Prostate cancer is the most common cancer among men, excluding skin cancer. In 2019, approximately 174,650 men in the United States were diagnosed with prostate cancer, with over 60 percent of cases diagnosed in men over 65.
Being diagnosed with prostate cancer can be devastating, and for many men, a prostate cancer diagnosis leads to a combination of depression and stress. Since depression has been linked to shorter survival rates for cancer patients, coping with depression is a necessary step in recovery and treatment. If you’ve been diagnosed with prostate cancer, here’s how to adjust to life after your diagnosis.
Surround Yourself With Support
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After being diagnosed with prostate cancer, feelings of isolation and loneliness can negatively affect your mental health. Surround yourself with the support of close friends and family and find someone you feel comfortable opening up to about your feelings. Be kind to yourself and give yourself time to process your new feelings. Try to pay attention to what you’re feeling, and spend time with loved ones who are optimistic and uplifting.
Additionally, learn how to recognize the symptoms of depression. The National Institute of Mental Health defines depression as a common but serious illness that involves feeling sad or hopeless for weeks at a time. If you’re experiencing symptoms of depression, join a cancer support group or find a therapist on WithTherapy.com. WithTherpay matches patients to therapists using personal screening and AI and can help you create a personalized experience to cope with your diagnosis.
Research Treatment Options
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Even with the seriousness of a prostate cancer diagnosis, advanced treatment options make living with prostate cancer more possible than ever before. Although treatments for prostate cancer can remove nearly all of the disease, the effects can be mentally and physically draining. Treatments like androgen deprivation therapy (ADT) can leave men feeling fatigued. Other treatment options, like the removal of the prostate, can lead to side effects like erectile dysfunction (ED).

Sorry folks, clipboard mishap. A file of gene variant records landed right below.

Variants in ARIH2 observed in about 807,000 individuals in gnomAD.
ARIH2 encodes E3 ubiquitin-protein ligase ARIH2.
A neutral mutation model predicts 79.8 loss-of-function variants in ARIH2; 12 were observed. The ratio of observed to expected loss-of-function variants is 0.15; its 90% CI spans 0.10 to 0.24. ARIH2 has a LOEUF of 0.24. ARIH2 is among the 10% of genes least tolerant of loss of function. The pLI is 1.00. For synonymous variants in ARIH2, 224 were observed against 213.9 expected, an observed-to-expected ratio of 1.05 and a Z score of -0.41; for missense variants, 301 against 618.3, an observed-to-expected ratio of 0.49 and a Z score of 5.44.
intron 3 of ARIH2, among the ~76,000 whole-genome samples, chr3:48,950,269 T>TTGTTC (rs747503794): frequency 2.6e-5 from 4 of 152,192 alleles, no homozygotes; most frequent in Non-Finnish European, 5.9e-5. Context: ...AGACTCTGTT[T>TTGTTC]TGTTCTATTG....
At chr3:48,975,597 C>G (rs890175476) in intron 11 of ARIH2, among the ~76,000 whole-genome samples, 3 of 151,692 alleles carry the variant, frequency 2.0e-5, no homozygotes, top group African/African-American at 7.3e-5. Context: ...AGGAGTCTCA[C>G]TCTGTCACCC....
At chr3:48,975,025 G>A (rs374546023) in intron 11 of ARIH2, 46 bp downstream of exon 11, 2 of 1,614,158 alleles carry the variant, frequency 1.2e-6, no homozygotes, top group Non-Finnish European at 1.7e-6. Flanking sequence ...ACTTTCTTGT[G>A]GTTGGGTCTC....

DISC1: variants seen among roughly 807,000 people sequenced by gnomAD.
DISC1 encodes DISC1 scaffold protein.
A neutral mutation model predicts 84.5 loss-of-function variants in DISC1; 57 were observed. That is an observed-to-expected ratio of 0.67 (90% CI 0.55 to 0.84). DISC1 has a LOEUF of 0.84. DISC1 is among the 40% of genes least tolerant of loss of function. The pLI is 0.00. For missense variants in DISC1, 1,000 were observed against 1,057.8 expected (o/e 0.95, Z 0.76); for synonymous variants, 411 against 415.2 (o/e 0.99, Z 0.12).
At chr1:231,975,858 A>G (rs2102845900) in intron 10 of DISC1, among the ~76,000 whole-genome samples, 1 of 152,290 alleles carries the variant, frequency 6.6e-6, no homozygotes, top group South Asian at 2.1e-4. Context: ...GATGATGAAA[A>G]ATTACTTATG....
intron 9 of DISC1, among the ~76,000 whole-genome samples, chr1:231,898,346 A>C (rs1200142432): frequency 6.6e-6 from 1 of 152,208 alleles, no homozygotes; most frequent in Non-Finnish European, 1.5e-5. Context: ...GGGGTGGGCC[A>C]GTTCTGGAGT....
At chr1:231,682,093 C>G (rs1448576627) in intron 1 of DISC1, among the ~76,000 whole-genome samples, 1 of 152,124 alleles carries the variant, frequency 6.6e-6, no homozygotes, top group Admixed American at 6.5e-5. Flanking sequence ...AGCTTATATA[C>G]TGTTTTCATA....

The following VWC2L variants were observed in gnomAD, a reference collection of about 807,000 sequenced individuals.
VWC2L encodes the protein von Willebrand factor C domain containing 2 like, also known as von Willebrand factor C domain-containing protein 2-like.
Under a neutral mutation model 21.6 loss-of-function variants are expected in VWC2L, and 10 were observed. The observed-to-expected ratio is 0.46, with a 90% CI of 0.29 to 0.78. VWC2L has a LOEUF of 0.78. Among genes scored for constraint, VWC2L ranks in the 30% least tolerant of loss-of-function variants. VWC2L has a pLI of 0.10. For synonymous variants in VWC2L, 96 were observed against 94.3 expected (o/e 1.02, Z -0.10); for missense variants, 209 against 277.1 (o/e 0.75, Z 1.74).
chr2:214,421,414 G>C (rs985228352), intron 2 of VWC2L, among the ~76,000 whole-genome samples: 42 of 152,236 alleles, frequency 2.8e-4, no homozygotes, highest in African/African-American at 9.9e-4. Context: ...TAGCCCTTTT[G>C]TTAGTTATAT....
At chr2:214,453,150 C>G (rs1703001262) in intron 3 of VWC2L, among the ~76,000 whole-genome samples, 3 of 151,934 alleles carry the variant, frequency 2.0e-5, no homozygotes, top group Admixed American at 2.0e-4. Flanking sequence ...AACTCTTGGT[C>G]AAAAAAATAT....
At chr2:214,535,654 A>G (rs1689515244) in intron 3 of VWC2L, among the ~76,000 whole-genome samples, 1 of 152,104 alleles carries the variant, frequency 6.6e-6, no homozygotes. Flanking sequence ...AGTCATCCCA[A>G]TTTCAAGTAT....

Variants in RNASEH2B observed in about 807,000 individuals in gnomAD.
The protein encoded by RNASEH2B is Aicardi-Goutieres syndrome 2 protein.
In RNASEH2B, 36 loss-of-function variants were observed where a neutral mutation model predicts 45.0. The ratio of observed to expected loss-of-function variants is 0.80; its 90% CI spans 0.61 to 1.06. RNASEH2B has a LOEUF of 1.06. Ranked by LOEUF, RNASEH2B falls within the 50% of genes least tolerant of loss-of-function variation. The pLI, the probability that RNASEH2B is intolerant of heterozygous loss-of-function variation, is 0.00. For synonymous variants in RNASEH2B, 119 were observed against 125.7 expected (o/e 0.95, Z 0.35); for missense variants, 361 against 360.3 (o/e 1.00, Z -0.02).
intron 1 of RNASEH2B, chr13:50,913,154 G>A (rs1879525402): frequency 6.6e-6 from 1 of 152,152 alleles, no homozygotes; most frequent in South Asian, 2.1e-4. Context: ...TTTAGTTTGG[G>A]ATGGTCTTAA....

Taking the time to research your treatment options can help you feel empowered after your diagnosis. Talk to your doctor about any concerns and make sure to ask questions if anything is unclear. Don’t be afraid to ask about the goals of treatment, the likelihood that the treatment will work, and what you can expect during treatment. Ask your doctor about how different treatment options can affect recurrence, survival, and your overall quality of life.
In most cases, men are diagnosed with early-stage prostate cancer and do not have to make immediate treatment decisions. While you’re researching treatment options, it’s important to talk to your doctor about the risks and benefits of different options and when treatment should begin.
Take Care Of Yourself
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Most prostate cancers grow slowly and don’t cause health problems in men. However, taking a proactive approach toward your health can improve your prognosis and reduce your risk of developing other forms of cancer or additional health problems. Exercising regularly, eating healthy, and maintaining a healthy weight can help fight depression and improve your overall health. Additionally, recent research suggests that a diet high in vegetables, fruits, and legumes may lower the risk of prostate cancer.
If you have a family history of prostate cancer, regular screenings can help catch the disease in its early stages. A digital rectum examination (DRE), in which a doctor inserts a gloved, lubricated finger into the rectum, can reveal any irregularities on the surface of the prostate. Doctors also commonly use a prostate-specific antigen (PSA) blood test, which is followed by a prostate biopsy if PSA levels are elevated.
If you’re interested in a less invasive procedure, ask your doctor about MRI scans for prostate cancer. MRI-based prostate cancer screenings are quick, affordable, and pain-free. With advanced Ezra AI technology designed to assist radiologists in their analyses, MRI scans for prostate cancer are highly accurate, eliminating the need for unnecessary blood tests and biopsies.
If you’re struggling to cope with your diagnosis, building a comprehensive support network, learning more about treatment options, and taking a proactive approach toward your health can improve your prognosis and help fight depression.